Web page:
Over MLK Weekend and in alignment with Nelson Mandela’s presidential win 25 years ago, Step Afrika! aptly celebrated their 25th “Anniversary Celebration” at Strathmore Music Center. This major landmark for the company was rightfully earned as the dancers showcased their ability to dance to all the right beats and elevate the standards for high caliber, exciting performance.
The show’s opening act featured Dem Raider Boyz Squad, an all-male step team from Eleanor Roosevelt High School based in Greenbelt, Maryland. The young performers committed to their craft with comical albeit entertaining and virtuosic skill; thus demonstrating that the future of dance and step are in good hands.
Through no simple feat, Step Afrika!’s remarkable celebration gave life to the pulse of a people through the incredible mediums of music and dance.
The first piece, “Idemo!” set a high precedent for the show and played to the company’s reputation as an exceptional step group. Choreographed by Christopher Brient, “Idemo!” translates to “let’s go” in Croatian, an appropriate name as the piece was inspired by the company’s 2015 tour to Southeastern Europe. The dancers executed complex step solos against dramatic lighting to create an anticipatory atmosphere. The synchronicity was sensational as the dancers turned every part of their bodies into living, breathing instruments. Entranced, I was only awakened by the delightful audience participation that completed the Step Afrika! experience and corresponds with step tradition.
The next piece, “Umngane” (or “friend” in Zulu) was choreographed by Makeda Abraham, Mfoniso Akpan, and Aseelah Shareef with live drumming led by Kofi Agyei. The number blended modern, West African, traditional Zulu dance, and techniques inspired by StepAfrika!’s co-founder, Mbuyiselwa “Jackie” Semela. The seamless melange of movement and live music produced a visceral experience for the audience. While the theatre’s sound tech failed to give justice to the drum’s precision and intricacies, the dancers and drummers navigated the technical difficulties with grace.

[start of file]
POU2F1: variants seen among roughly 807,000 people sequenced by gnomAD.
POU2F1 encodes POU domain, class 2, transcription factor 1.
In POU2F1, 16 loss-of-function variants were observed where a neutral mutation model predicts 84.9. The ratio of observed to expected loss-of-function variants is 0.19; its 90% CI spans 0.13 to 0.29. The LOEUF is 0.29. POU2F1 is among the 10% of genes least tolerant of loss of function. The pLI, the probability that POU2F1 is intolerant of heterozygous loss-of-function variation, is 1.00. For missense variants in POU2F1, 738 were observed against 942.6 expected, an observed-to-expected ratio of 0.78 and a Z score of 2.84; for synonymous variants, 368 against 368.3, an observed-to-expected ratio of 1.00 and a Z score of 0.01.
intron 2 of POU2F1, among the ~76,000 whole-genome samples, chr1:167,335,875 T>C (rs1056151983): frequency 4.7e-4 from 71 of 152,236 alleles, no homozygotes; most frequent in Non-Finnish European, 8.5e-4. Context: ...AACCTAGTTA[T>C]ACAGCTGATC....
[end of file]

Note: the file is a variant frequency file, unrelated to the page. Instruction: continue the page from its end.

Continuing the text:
Following “Umngane” was “Wade Suite,” composed of two movements with live vocals by Sherise Payne. The first section, “Deacon’s Dance” was originally conceived as an Indlamu (traditional Zulu dance) with original choreography by Bongkosi and Ronnique Murray. The African American spiritual dance employed a chair that the soloist grappled with as she juxtaposed and reimagined the paradox between vulnerability and strength.
The second movement, “Wade” was choreographed by Paul Woodruff, LeeAnet Noble, and Kirsten Ledford with vocals by Matthew Evans, Vincent Montgomery, Sherise Payne, and Krislynn Perry. The section merged South African gumboot dance, collegiate stepping, tap, and African American spiritual song and dance to bring the audience along an emotional journey as the section moved from states of introspection to celebratory glee. The piece beautifully honored the role churches play in African American communities and employed visual symbols like kneeling, crossing of arms, and raised palms to make relevant social and political commentary. All this considered, the piece did not feel like a slight toward other iconic African American spirituals dances like Alvin Ailey’s “Revelations” or Ulysses S. Dove’s “Vespers” as I feared; rather it paid homage and contributed to the ongoing narrative.
Switching it up, StepAfrika! proceeded with “nxt/step: hip hop,” to demonstrate yet another side of the dynamic company. The piece displayed projections by Miguel Asua with original score creation by Jonathan Matis and Jakari Sherman. This three-part movement played with props and time signatures uncharacteristic to stepping and performers acted as both musicians and dancers.
After this refreshing palate cleanser, the audience was ready to return to the company’s signature step style with “Passing 25” choregraphed by Ryan Johnson, Christopher Brient, Brian McCollum, and Jason Nious. The piece utilized energetic, rhythmic stepping that incorporated comedy, exciting false endings, and inventive cyphers.
The evening’s final piece, “Indlamu” was prefaced with a short look into the company’s tour to South Africa before diving into the traditional dance. The piece was choreographed by Jackie Semela with percussionists, Matthew Evans and Vincent Montgomery. Danced in Zulu attire, the warrior dance demonstrated the impeccable diversity of the company along with their admirable preservation of a beautiful art form.
Through no simple feat, Step Afrika!’s remarkable celebration gave life to the pulse of a people through the incredible mediums of music and dance. The sheer passion and commitment the company has toward their craft demonstrates why the company has stood the test of time.
Running Time: 100 minutes (no intermission).